the gracekeepers by kirsty logan
I was drawn to this debut novel by the cover and the explanation in the synopsis that the story is inspired by Scottish fairytales and myths. Without this early suggestion, I likely would've primarily identified it as a post-apocalyptic novel. But it really isn't so much, as the point of the story isn't about explaining why the world has become the way it is. This was difficult at first because sometimes the reader simply has to trust that eventually they'll understand what's happening, but ultimately I enjoyed this aspect.
The reader is immersed in damp world, where the majority of the population lives on water (damplings), while the elite live tenaciously on land (landlockers). These roles cause strong political, religious, and, especially, social divides. I suppose you could even read it as being set on another world altogether, though references to and practice of pagan rites and the virgin in blue makes this less likely.
Logan's debut novel is my first experience reading her work and I am very glad I requested Random House allow me to review this lovely work. When I saw that the chapters are each a different character's point of view - some only once, others multiple times - I was nervous about this. I frequently dislike POV changing, because I become so invested in certain characters that I often enter into another character's POV feeling prejudiced. But Logan skillfully justifies these switches. Many of the characters are so disparate in their experiences or even just their physical location that we need their narratives to understand what's happening. Sometimes I felt like I knew what a character was like and what their motivations were, only to have that upended when the story switches to their perspective. Sometimes this felt like unreliable narration, which was an interesting and clever addition.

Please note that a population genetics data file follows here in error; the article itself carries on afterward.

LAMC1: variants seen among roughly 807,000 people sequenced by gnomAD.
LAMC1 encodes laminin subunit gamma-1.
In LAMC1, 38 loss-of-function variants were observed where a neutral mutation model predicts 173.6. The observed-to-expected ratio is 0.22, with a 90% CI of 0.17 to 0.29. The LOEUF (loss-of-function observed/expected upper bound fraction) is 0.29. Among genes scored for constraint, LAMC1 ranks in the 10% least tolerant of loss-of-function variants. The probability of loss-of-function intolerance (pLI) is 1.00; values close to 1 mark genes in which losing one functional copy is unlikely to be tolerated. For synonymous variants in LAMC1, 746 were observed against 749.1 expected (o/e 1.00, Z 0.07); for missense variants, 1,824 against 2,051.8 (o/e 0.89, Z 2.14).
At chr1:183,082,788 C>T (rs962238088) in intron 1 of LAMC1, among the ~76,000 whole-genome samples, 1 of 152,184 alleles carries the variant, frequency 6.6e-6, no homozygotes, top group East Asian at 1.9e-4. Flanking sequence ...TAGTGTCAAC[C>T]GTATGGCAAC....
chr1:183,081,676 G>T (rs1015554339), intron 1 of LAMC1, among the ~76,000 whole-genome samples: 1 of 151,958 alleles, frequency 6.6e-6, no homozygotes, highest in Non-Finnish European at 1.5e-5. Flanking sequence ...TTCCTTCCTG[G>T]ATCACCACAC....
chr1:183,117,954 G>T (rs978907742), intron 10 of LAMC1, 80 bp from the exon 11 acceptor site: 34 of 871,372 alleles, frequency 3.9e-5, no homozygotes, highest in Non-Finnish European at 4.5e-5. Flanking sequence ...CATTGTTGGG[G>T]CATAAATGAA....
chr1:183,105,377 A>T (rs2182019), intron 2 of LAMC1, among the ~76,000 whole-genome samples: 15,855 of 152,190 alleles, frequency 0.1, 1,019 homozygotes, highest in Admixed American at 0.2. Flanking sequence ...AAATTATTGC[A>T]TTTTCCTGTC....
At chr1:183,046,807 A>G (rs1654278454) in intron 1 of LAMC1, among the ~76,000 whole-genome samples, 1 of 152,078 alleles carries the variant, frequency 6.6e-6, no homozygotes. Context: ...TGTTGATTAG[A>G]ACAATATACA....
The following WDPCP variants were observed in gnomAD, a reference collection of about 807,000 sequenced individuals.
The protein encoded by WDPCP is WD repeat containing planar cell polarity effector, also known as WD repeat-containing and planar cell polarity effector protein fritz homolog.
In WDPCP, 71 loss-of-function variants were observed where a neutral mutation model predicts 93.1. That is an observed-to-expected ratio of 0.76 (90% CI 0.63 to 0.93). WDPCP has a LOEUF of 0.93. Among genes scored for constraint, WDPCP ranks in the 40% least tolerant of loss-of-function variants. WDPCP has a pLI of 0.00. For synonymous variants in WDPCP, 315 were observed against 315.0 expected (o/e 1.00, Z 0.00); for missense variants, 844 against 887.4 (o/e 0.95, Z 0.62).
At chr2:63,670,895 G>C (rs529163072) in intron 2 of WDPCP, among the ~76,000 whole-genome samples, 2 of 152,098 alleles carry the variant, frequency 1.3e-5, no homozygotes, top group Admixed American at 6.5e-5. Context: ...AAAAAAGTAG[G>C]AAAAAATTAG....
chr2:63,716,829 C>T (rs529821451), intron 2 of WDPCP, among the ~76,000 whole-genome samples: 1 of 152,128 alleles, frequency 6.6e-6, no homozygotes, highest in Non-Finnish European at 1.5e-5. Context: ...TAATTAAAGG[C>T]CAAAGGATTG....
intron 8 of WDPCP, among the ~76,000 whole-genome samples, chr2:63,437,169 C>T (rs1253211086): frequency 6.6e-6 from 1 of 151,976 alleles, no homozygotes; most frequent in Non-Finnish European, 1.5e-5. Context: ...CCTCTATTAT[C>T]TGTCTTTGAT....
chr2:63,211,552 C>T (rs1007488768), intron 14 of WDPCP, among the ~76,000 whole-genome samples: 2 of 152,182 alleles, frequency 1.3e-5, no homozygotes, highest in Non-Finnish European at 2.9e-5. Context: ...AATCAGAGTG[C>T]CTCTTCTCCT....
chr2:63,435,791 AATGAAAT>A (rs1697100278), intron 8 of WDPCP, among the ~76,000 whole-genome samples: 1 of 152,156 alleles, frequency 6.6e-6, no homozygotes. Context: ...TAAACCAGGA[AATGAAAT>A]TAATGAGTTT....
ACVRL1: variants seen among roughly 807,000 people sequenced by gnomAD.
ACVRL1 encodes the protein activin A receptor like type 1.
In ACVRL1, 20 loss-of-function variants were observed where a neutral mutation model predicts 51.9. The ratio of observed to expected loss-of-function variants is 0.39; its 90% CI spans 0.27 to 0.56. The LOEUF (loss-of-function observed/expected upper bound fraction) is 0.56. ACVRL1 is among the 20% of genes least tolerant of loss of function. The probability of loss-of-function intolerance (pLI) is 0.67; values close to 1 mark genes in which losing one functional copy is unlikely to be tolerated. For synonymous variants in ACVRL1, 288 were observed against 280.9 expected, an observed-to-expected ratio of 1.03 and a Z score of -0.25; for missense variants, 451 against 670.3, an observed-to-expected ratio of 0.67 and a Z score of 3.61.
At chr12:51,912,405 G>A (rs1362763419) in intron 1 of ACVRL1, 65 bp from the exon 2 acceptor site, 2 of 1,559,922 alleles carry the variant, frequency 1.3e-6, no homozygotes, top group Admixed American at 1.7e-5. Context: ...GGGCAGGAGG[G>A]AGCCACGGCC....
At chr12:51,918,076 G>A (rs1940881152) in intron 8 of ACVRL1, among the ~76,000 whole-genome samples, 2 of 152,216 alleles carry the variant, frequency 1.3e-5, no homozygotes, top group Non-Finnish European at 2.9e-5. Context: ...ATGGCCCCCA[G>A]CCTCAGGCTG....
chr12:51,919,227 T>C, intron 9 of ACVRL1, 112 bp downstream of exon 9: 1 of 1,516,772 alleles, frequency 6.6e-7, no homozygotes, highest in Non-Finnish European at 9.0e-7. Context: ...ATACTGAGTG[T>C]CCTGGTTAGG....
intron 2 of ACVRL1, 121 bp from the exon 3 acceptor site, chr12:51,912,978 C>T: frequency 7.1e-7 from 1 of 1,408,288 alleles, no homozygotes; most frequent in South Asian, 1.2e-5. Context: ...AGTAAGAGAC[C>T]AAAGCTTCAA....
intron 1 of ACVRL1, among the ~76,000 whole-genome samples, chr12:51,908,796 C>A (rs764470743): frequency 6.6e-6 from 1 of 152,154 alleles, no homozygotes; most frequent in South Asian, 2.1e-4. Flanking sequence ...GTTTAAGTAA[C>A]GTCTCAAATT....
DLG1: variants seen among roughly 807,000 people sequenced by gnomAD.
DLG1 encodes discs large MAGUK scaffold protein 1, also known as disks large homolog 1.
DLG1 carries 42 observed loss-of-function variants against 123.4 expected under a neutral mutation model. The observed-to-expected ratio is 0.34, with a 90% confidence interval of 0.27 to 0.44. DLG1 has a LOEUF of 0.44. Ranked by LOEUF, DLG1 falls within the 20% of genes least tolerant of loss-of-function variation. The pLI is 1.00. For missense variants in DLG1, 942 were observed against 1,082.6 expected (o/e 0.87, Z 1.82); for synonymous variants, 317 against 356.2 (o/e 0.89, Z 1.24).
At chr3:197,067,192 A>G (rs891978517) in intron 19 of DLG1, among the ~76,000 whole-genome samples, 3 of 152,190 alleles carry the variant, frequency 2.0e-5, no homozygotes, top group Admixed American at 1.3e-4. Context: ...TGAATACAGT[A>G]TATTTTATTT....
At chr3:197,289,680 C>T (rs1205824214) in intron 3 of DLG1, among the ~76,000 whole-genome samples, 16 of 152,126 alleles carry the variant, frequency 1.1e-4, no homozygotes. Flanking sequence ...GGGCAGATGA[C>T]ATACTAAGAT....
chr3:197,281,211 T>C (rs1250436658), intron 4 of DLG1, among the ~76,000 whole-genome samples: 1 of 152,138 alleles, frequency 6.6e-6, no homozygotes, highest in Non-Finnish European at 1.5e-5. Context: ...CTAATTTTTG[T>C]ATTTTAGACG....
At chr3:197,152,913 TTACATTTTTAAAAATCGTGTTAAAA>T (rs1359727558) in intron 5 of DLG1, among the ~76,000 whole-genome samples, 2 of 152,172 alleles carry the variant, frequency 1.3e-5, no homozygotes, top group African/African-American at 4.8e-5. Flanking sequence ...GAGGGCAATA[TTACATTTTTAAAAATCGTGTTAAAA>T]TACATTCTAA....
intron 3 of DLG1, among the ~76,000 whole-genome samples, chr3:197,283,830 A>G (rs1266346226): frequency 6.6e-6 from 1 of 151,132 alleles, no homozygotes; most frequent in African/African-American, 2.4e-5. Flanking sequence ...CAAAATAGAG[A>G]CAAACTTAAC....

At it's heart, The Gracekeepers is a romance. Both of multiple characters and their stories about those they've loved and lost, but also of a particular couple and how they come together. I have to say, I didn't adore the very final chapter - not because of the way the story ended but rather because of the stylistic choice used and the way it was executed - it felt jarring in relation to the rest of the book and ultimately unnecessary. However, disregarding this minor quibble, I embraced this fairytale and Logan as a writer so much that I'm off to buy the Kindle edition of her short story collection, The Rental Heart and Other Fairy Tales.
*The Gracekeepers will be released in the United States on May 19th, 2015.